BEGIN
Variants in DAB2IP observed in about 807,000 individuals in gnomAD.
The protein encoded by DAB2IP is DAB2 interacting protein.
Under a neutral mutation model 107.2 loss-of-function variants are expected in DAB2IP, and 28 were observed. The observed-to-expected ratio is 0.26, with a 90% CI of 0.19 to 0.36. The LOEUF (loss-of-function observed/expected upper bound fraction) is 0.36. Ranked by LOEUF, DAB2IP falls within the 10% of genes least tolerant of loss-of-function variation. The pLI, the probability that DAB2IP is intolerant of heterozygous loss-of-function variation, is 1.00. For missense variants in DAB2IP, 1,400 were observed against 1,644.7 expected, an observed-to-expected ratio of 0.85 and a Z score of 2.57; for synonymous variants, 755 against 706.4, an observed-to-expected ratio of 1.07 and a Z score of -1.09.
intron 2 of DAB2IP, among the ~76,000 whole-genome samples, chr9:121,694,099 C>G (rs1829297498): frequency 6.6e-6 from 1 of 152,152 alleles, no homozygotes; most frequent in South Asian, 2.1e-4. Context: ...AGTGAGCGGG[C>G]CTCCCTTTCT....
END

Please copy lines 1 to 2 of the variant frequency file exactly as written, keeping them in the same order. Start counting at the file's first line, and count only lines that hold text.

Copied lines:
Variants in DAB2IP observed in about 807,000 individuals in gnomAD.
The protein encoded by DAB2IP is DAB2 interacting protein.